Submitted by the Bais Hora’ah
I borrowed my friend’s MP3 player to listen to a shiur. When I went to sleep I placed it on the floor next to my bed in the dormitory. In the morning, when the dorm counselor came in to wake me for Selichos, he didn’t see the MP3 player and stepped on it and broke it.
Q: Is the dorm counselor liable — for breaking the MP3 player — and considered forewarned concerning damages — adam muad l’olam? Am I liable for causing damage to the MP3 player indirectly –— grama?
A: The dorm counselor who stepped on the MP3 player is exempt. Generally, people are liable for inflicting damage, even if the damage resulted from an oness (circumstance beyond one’s control) (C.M. 378:1). However, liability requires some degree of negligence. Even when the actual damage resulted from an oness, a person is liable when he should have exercised greater caution. When an oness occurs in a circumstance in which there is no reason a person should have been more cautious (oness gamur), he is exempt (Rema, ibid. and 421:4). Therefore, since there was no reason for the dorm counselor to think that there was an MP3 player on the floor, he is exempt.
Those who maintain that one is liable for damages even due to a completely unexpected oness (see Shach, C.M. 378:1 and Business Weekly #326) nevertheless say that, if the damage results from the damaged party’s negligence, the mazik is exempt (Ramban, B.M. 82a). In this case, the damage resulted from the borrower’s negligence and thus the dorm counselor is exempt.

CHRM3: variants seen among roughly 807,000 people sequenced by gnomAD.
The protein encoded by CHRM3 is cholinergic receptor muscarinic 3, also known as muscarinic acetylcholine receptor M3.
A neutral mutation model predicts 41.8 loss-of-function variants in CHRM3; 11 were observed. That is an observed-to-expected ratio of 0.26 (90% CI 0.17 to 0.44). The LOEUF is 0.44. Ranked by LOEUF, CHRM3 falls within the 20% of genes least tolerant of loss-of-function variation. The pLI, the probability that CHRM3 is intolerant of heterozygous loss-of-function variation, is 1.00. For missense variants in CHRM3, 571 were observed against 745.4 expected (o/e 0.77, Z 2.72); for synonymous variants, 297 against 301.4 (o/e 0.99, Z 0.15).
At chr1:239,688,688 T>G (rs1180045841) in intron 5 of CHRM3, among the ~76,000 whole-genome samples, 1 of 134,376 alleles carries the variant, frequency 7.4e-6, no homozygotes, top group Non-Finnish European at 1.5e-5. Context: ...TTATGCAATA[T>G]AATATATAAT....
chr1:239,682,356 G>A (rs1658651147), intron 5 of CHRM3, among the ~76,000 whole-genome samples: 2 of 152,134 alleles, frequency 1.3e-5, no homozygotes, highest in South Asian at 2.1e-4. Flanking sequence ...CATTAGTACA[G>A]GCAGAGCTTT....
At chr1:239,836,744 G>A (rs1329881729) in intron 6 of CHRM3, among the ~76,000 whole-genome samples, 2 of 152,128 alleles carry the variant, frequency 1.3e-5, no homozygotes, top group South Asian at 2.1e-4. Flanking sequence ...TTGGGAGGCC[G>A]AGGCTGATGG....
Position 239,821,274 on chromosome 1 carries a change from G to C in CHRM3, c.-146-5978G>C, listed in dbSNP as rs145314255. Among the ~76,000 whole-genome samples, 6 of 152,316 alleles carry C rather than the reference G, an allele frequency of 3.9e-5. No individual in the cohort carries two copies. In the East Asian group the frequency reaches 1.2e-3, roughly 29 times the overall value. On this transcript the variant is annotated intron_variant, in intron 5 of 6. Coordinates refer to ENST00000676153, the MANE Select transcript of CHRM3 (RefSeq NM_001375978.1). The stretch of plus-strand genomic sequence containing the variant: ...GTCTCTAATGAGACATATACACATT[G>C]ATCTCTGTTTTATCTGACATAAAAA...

It is not considered negligent on the dorm counselor’s part for not looking where he was going. In fact, it is considered an oness gamur (C.M. 412:1) because most people do not look down at the floor to make sure that they will not step on anything (Rosh, B.K. 3:1). Additionally, people are occupied with their thoughts and as a result do not pay attention to where they are going (Meiri, B.K. 27b; Yam shel Shlomo, B.K. 5:44). Accordingly, if someone steps on something in the normal course of walking because he did not see the item on the ground, he is exempt. Since it is uncommon for most items to be placed on the ground, there is no reason for one to exercise caution to avoid damaging them, especially in a dark room (C.M. 412:2).
Accordingly, if Reuven asks Shimon to wake him and Reuven left his glasses on the floor and Shimon stepped on them, Shimon is exempt from paying. Reuven should not have placed his glasses where people could step on them (K’neh Bosem 1:124 and see Pischei Choshen, Nezikin 8:).
However, in a mikveh where it is common for people to place their glasses on their clothing or on the bench next to their clothes, if someone sits on them, the damage is not categorized as an oness gamur and he is obligated to pay (Mishpetei HaTorah 1:2:3, and see Business Weekly #346 regarding the method to appraise one’s glasses).
As far as your liability as a borrower is concerned, you must repay the owner for the broken MP3 player since a borrower is liable even in cases of oness and certainly when he was negligent (C.M. 340:1.) [Even those who maintain that one who borrows a mitzvah object is exempt from the liability of a borrower (Teshuvas HaRan 19 cited by Sma 72:21, and see Mishpetei Hachoshen, p. 414) agree that there is liability if the object is stolen or damaged due to negligence].